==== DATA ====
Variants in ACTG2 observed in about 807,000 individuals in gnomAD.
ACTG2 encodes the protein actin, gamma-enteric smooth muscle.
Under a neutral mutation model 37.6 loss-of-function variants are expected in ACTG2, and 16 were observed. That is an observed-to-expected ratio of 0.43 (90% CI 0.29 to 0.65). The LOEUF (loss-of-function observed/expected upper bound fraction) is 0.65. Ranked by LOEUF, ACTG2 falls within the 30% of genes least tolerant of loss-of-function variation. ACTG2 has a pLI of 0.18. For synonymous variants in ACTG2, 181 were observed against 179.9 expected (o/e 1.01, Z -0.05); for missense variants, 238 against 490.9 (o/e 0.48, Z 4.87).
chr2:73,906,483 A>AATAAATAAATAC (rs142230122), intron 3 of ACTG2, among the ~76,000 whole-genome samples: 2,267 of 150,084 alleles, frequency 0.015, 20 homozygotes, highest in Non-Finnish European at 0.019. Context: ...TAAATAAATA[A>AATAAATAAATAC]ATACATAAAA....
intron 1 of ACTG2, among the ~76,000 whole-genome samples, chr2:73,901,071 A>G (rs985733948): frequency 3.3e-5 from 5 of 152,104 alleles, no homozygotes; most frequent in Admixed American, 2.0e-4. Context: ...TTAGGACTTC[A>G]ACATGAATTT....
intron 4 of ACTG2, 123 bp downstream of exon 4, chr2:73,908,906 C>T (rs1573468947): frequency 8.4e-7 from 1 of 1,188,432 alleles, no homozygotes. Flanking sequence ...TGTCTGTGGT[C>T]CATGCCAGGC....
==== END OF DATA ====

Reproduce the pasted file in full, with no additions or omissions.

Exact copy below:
Variants in ACTG2 observed in about 807,000 individuals in gnomAD.
ACTG2 encodes the protein actin, gamma-enteric smooth muscle.
Under a neutral mutation model 37.6 loss-of-function variants are expected in ACTG2, and 16 were observed. That is an observed-to-expected ratio of 0.43 (90% CI 0.29 to 0.65). The LOEUF (loss-of-function observed/expected upper bound fraction) is 0.65. Ranked by LOEUF, ACTG2 falls within the 30% of genes least tolerant of loss-of-function variation. ACTG2 has a pLI of 0.18. For synonymous variants in ACTG2, 181 were observed against 179.9 expected (o/e 1.01, Z -0.05); for missense variants, 238 against 490.9 (o/e 0.48, Z 4.87).
chr2:73,906,483 A>AATAAATAAATAC (rs142230122), intron 3 of ACTG2, among the ~76,000 whole-genome samples: 2,267 of 150,084 alleles, frequency 0.015, 20 homozygotes, highest in Non-Finnish European at 0.019. Context: ...TAAATAAATA[A>AATAAATAAATAC]ATACATAAAA....
intron 1 of ACTG2, among the ~76,000 whole-genome samples, chr2:73,901,071 A>G (rs985733948): frequency 3.3e-5 from 5 of 152,104 alleles, no homozygotes; most frequent in Admixed American, 2.0e-4. Context: ...TTAGGACTTC[A>G]ACATGAATTT....
intron 4 of ACTG2, 123 bp downstream of exon 4, chr2:73,908,906 C>T (rs1573468947): frequency 8.4e-7 from 1 of 1,188,432 alleles, no homozygotes. Flanking sequence ...TGTCTGTGGT[C>T]CATGCCAGGC....